Titanic – 10.1 – Federal Reserve Bank of New York (United States)



Federal Reserve Bank
of New York


The Official Story

(United States)


The Federal Reserve Bank of New York is one of the 12 Federal Reserve Banks of the United States. It is responsible for the Second District of the Federal Reserve System, which encompasses New York State, the 12 northern counties of New Jersey, Fairfield County in Connecticut, Puerto Rico, and the U.S. Virgin Islands. Located at 33 Liberty Street in Lower Manhattan, it is by far the largest (by assets), the most active (by volume), and the most influential of the Reserve Banks.

The Federal Reserve Bank of New York acts as the market agent of the Federal Reserve System (as it houses the Open Market Trading Desk and manages System Open Market Account), the sole fiscal agent of the U.S. Department of the Treasury, the bearer of the Treasury’s General Account, and the custodian of the world’s largest gold storage reserve. Aside from these distinct functions, the New York Fed also performs the same responsibilities and tasks as the other Reserve Banks do.

Given its central role within the Federal Reserve System, the New York Fed and its president are therefore considered first among equals among the other regional Reserve banks. Its current president is John C. Williams.


The Federal Reserve Bank of New York opened for business on November 16, 1914, under the leadership of Benjamin Strong Jr., who had previously been president of the Bankers Trust Company. He led the Bank until his death in 1928. Strong became the executive officer (then called the “governor”—today, the term would be “president”). As the leader of the Federal Reserve’s largest and most powerful district bank, Strong became a dominant force in U.S. monetary and banking affairs. One biographer has termed him the “de facto leader of the entire Federal Reserve System”. This was not only because of Strong’s abilities, but also because the central board’s powers were ambiguous and, for the most part, limited to supervisory and regulatory functions under the 1913 Federal Reserve Act because many Americans were antagonistic to centralized control.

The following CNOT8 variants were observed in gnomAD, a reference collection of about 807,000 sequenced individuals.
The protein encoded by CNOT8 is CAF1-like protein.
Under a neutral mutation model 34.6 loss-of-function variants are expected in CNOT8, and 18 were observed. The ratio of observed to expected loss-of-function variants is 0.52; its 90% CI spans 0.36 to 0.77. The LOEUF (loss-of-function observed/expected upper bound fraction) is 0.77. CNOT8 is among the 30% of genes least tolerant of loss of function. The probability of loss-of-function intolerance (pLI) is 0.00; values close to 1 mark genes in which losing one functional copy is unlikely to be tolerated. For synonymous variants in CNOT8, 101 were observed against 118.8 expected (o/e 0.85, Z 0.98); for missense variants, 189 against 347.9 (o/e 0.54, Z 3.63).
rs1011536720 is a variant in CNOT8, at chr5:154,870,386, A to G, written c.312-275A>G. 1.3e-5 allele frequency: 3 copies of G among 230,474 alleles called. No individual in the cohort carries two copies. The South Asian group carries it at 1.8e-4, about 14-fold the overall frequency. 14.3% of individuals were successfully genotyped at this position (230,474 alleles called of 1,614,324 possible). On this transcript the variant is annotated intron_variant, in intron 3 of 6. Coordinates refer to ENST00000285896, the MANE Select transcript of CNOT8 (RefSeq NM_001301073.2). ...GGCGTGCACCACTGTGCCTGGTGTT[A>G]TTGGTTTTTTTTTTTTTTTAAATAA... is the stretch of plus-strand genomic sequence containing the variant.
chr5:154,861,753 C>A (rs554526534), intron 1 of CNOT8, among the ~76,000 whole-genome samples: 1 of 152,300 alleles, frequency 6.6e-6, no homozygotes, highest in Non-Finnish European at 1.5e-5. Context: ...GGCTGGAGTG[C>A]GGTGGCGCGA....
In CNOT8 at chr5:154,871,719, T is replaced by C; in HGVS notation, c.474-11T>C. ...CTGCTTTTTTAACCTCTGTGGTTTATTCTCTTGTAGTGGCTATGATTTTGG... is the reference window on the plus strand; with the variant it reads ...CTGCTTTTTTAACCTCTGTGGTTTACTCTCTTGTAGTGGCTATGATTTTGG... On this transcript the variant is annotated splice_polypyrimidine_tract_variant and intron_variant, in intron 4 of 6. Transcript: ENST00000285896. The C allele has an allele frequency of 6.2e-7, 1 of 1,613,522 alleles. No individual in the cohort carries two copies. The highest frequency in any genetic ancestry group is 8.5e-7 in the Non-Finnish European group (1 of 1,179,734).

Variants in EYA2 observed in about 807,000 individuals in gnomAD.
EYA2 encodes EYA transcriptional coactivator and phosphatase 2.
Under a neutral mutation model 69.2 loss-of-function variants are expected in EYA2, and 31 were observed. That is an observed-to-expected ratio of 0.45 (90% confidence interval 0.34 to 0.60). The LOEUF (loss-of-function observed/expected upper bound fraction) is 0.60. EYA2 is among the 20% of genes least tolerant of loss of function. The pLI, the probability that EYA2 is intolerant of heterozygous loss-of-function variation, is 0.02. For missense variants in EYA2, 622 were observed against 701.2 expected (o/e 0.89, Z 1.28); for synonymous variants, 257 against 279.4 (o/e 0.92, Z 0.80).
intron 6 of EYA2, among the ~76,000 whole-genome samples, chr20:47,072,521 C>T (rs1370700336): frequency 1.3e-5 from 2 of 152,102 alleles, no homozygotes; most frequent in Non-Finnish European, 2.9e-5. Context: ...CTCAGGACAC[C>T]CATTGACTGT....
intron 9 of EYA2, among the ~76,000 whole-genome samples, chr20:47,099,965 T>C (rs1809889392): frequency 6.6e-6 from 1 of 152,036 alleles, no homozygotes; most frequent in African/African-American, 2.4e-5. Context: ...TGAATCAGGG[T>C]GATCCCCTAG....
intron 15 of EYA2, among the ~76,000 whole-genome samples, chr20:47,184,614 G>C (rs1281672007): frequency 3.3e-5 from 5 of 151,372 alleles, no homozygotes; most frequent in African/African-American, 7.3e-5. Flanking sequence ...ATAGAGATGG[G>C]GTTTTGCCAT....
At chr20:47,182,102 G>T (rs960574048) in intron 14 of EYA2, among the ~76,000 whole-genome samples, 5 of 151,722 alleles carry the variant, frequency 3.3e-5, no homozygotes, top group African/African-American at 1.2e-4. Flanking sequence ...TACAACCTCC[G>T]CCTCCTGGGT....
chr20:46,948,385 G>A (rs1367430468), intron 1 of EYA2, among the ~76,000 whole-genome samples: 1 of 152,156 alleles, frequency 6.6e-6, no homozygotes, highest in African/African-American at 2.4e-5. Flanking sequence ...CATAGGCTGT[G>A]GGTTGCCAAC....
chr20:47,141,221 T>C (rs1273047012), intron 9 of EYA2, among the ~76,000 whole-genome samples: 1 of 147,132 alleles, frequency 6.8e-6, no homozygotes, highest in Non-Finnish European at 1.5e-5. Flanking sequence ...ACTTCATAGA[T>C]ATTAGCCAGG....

When the United States entered World War I, Strong was a major force behind the campaigns to fund the war effort via bonds owned primarily by U.S. citizens. This enabled the United States to avoid many of the post-war financial problems of the European belligerents. Strong gradually recognized the importance of open market operation, or purchases and sales of government securities, as a means of managing the quantity of money in the U.S. economy and thus affecting interest rates. This was particularly important at the time because gold had flooded into the United States during and after World War I. Thus, its gold-backed currency was well-protected, but prices had been pushed up substantially by the currency expansion due to the gold standard-imposed expansion of currency. In 1922, Strong unofficially scrapped the gold standard and instead began aggressively pursuing open market operations as a means of stabilizing domestic prices and thus internal economic stability. Thus, he began the Federal Reserve’s practice of buying and selling government securities as monetary policy. John Maynard Keynes, a prominent British economist who had previously not questioned the gold standard, used Strong’s activities as an example of how a central bank could manage a nation’s economy without the gold standard in his book “A Tract on Monetary Reform” (1923). To quote one authority: